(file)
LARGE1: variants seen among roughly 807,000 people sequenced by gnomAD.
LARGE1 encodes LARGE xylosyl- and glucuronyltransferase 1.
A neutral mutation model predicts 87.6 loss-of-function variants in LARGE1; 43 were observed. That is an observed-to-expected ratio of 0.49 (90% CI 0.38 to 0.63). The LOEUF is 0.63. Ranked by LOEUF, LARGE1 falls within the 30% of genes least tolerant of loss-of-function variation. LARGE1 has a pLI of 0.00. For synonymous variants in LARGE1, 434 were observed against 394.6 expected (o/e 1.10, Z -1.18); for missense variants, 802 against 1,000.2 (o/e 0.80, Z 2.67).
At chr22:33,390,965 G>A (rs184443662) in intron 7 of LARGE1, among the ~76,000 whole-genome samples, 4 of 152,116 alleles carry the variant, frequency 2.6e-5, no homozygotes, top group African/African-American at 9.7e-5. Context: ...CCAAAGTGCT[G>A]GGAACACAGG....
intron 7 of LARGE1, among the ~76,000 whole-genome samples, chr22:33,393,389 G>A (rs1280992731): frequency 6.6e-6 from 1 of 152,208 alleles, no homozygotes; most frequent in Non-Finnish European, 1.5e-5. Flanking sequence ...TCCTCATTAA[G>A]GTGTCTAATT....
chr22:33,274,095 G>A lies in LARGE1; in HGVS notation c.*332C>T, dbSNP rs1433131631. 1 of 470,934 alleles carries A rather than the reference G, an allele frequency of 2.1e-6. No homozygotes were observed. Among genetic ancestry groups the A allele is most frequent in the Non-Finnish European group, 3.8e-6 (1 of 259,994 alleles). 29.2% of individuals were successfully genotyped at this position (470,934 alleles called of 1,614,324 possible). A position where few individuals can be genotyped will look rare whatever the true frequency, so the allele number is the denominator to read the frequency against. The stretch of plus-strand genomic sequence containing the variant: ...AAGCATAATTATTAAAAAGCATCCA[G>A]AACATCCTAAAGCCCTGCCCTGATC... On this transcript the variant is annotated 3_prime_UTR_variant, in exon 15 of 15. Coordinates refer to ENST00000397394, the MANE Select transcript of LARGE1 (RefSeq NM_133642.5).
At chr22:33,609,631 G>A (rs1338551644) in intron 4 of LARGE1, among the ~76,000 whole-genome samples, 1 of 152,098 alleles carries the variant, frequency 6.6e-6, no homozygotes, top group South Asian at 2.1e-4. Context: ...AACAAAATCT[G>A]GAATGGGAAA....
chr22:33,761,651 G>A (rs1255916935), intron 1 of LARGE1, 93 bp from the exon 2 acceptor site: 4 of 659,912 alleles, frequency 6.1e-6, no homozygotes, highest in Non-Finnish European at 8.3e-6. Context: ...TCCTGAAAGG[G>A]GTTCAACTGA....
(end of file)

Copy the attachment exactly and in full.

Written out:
LARGE1: variants seen among roughly 807,000 people sequenced by gnomAD.
LARGE1 encodes LARGE xylosyl- and glucuronyltransferase 1.
A neutral mutation model predicts 87.6 loss-of-function variants in LARGE1; 43 were observed. That is an observed-to-expected ratio of 0.49 (90% CI 0.38 to 0.63). The LOEUF is 0.63. Ranked by LOEUF, LARGE1 falls within the 30% of genes least tolerant of loss-of-function variation. LARGE1 has a pLI of 0.00. For synonymous variants in LARGE1, 434 were observed against 394.6 expected (o/e 1.10, Z -1.18); for missense variants, 802 against 1,000.2 (o/e 0.80, Z 2.67).
At chr22:33,390,965 G>A (rs184443662) in intron 7 of LARGE1, among the ~76,000 whole-genome samples, 4 of 152,116 alleles carry the variant, frequency 2.6e-5, no homozygotes, top group African/African-American at 9.7e-5. Context: ...CCAAAGTGCT[G>A]GGAACACAGG....
intron 7 of LARGE1, among the ~76,000 whole-genome samples, chr22:33,393,389 G>A (rs1280992731): frequency 6.6e-6 from 1 of 152,208 alleles, no homozygotes; most frequent in Non-Finnish European, 1.5e-5. Flanking sequence ...TCCTCATTAA[G>A]GTGTCTAATT....
chr22:33,274,095 G>A lies in LARGE1; in HGVS notation c.*332C>T, dbSNP rs1433131631. 1 of 470,934 alleles carries A rather than the reference G, an allele frequency of 2.1e-6. No homozygotes were observed. Among genetic ancestry groups the A allele is most frequent in the Non-Finnish European group, 3.8e-6 (1 of 259,994 alleles). 29.2% of individuals were successfully genotyped at this position (470,934 alleles called of 1,614,324 possible). A position where few individuals can be genotyped will look rare whatever the true frequency, so the allele number is the denominator to read the frequency against. The stretch of plus-strand genomic sequence containing the variant: ...AAGCATAATTATTAAAAAGCATCCA[G>A]AACATCCTAAAGCCCTGCCCTGATC... On this transcript the variant is annotated 3_prime_UTR_variant, in exon 15 of 15. Coordinates refer to ENST00000397394, the MANE Select transcript of LARGE1 (RefSeq NM_133642.5).
At chr22:33,609,631 G>A (rs1338551644) in intron 4 of LARGE1, among the ~76,000 whole-genome samples, 1 of 152,098 alleles carries the variant, frequency 6.6e-6, no homozygotes, top group South Asian at 2.1e-4. Context: ...AACAAAATCT[G>A]GAATGGGAAA....
chr22:33,761,651 G>A (rs1255916935), intron 1 of LARGE1, 93 bp from the exon 2 acceptor site: 4 of 659,912 alleles, frequency 6.1e-6, no homozygotes, highest in Non-Finnish European at 8.3e-6. Context: ...TCCTGAAAGG[G>A]GTTCAACTGA....